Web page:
Earlier this month, after a round of hearings a citizens advisory committee probing the question of whether to evict the statuary commemorating “The Lost Cause” reached a strange pseudo-climax. After a document recommended its removal circulated prior to the meeting announcing that as its decision, the committee postponed the actual gathering because of the absence of one member even though it had a quorum to proceed.
This seemed to reflect a struggle among members as to what to recommend mirroring the fate of the written product. Apparently, mimicking the most contentious and significant U.S. Supreme Court decisions, multiple drafts, all with the possibility of catching majority assent to become the final ruling, circulated among members almost up to the point of the meeting’s convening.
The Caddo Parish Confederate Monument, listed on the National Register of Historical Places since 2014, is considered one of the four monuments in Louisiana that depict feelings prevalent in the first part of the twentieth century which glorified the rebellion, three of which have a listing. Not that this helped matters for the others, all in New Orleans; recently, the city unceremoniously uprooted these, arguing those represented unsavory attitudes.
That was the wrong decision. Those monuments had become iconic parts of the New Orleans landscape, part of its culture and lore, and even subjects of postcards. Even if each glorified a figure associated with a regime built upon a very unfortunate truth, the city could have repackaged each, through signage or other means, to convey a fully contextualized meaning for all s opposed to scarifying the environment. That officials instead chose to let these have power over them rather than shape these symbols to supply their own meaning speaks volumes to a lack of fortitude and leadership.
And, if anything, the case to excise Caddo’s version is weaker, much more than that which in 2012 led to the striking of the colors that flew with it. In that case, all the salutary features of the states’ rights argument encapsulated in the Constitution presumably part of the rationale justifying the Confederate revolt find representation in Old Glory. If governments or people want to express support of those ideas, why not fly the U.S. flag instead of a Confederate flag polluted with its affirmation for slavery?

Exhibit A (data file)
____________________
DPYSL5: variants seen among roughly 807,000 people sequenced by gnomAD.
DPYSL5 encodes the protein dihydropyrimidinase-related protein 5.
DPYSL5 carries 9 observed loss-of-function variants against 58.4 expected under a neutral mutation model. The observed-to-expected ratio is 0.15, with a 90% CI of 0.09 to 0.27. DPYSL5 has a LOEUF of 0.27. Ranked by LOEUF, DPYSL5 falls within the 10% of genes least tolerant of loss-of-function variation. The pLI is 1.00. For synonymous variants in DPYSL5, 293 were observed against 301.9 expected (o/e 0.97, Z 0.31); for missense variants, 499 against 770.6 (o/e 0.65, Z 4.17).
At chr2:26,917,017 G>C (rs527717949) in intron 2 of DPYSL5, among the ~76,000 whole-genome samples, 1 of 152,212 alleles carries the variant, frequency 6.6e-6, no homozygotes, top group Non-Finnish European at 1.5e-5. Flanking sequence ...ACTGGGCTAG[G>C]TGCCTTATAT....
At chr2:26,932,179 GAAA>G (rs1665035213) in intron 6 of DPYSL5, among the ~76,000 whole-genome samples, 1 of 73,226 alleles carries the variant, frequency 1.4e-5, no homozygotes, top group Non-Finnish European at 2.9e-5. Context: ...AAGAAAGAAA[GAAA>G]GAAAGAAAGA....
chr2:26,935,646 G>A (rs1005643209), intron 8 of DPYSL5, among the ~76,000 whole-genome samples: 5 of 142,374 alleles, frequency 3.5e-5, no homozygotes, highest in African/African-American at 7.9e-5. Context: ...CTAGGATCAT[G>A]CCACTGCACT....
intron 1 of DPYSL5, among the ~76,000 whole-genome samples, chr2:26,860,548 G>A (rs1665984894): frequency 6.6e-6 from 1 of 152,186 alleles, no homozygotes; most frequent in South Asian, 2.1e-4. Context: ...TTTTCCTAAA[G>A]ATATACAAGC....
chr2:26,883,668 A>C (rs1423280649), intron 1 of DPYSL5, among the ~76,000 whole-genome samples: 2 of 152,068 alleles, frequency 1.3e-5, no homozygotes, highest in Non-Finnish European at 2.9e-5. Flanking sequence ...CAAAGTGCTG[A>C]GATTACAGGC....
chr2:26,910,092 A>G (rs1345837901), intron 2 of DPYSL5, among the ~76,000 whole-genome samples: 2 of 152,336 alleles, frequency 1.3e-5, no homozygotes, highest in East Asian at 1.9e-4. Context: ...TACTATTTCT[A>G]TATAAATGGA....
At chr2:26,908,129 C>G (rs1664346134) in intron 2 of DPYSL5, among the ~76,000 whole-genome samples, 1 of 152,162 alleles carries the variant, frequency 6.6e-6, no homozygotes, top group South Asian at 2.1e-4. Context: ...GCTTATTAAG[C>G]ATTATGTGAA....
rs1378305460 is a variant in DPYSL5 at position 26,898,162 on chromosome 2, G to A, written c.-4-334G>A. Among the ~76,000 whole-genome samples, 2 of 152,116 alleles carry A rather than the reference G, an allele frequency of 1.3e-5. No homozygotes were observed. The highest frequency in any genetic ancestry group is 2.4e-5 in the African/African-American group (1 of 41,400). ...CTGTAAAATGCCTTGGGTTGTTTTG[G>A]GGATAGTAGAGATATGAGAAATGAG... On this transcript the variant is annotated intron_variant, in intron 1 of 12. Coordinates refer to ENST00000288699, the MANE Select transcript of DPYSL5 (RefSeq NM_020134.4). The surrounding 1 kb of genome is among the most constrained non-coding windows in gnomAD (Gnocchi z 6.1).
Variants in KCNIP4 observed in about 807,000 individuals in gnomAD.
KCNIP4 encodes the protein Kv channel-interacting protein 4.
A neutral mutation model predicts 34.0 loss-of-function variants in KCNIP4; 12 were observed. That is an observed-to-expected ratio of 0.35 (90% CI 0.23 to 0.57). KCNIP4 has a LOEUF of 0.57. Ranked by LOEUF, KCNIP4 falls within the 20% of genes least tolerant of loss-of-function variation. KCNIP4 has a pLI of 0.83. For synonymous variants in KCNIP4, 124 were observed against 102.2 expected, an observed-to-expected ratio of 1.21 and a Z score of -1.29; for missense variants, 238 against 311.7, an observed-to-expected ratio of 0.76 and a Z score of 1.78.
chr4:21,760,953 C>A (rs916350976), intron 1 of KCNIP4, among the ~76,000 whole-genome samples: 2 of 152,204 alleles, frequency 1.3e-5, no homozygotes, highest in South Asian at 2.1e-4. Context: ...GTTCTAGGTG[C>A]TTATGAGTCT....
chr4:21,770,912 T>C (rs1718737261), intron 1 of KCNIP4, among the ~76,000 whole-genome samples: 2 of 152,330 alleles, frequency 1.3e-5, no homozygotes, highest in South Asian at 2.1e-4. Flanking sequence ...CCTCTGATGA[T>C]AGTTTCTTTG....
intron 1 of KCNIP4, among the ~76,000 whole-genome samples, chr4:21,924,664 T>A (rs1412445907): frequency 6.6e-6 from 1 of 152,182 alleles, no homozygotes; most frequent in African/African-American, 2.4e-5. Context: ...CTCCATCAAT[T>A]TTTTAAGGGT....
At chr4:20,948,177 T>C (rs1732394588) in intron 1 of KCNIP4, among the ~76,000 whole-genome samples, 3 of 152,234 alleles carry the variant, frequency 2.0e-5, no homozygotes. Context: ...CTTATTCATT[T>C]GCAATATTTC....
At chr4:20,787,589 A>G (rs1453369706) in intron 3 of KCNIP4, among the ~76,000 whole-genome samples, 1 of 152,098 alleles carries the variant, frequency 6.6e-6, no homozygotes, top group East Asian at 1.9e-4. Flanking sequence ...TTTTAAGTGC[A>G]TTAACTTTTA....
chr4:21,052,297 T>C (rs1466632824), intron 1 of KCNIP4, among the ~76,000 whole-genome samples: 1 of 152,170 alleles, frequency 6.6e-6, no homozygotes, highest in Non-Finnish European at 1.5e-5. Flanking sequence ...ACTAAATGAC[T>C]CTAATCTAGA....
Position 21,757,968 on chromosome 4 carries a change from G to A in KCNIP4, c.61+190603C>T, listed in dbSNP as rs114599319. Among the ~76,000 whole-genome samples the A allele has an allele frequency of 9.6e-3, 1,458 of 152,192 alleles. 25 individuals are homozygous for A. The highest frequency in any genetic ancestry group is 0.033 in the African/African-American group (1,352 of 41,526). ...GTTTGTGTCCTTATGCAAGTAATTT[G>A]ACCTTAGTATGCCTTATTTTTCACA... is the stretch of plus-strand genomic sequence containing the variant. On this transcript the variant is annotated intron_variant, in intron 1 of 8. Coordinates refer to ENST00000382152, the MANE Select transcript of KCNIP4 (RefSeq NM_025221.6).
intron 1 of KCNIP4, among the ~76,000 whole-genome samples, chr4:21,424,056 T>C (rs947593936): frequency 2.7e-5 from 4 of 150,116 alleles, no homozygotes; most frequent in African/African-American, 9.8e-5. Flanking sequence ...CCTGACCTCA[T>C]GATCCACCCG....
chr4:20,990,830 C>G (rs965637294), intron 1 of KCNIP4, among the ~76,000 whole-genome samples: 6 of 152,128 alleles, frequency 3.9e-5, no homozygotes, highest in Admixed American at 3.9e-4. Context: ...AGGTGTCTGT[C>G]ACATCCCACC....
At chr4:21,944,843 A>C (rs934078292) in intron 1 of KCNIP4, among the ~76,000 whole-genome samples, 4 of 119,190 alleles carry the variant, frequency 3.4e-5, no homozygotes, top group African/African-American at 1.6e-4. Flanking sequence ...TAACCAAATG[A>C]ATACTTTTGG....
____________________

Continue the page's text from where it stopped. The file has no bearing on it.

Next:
Note that the Caddo monument does not memorialize a particular individual, unlike the cases in New Orleans, but a specific period. Further, its importance lies not so much in that it salutes the efforts of the Confederacy as an independent state and its military actions to secure that sovereignty, but as an object displaying the mindset of those people who erected it and glorified the concept of the antebellum South for decades after – more an archeological device with anthropological significance.
Still, it also serves as a historical marker, even if never intended primarily for that reason, as the approximate place where a Confederate flag last flew over a state capital, weeks after its national capital had fallen. When Union forces invaded Louisiana in 1862, state government operations transferred to Shreveport, and the surrender of the last major Confederate army formally occurred at that location over a month after Appomattox.
Retaining it certainly does not mean leaving it as is. Appropriate signs can explain the reasons for its existence and its meaningfulness in the context of the century after the Civil War’s end. Plus, it’s an aesthetically pleasing object to view designed and placed so that people can inspect it closely, unlike with the New Orleans statues that, because of their placements on busy byways not really close to pedestrian traffic, afforded little chance for the passer-by to partake in a detailed and lingering look.
Ostensibly at some point the committee will make a decision about the monument’s fate for the Caddo Parish Commission to ponder. Regardless of that, the Commission should make no move to banish this work of art.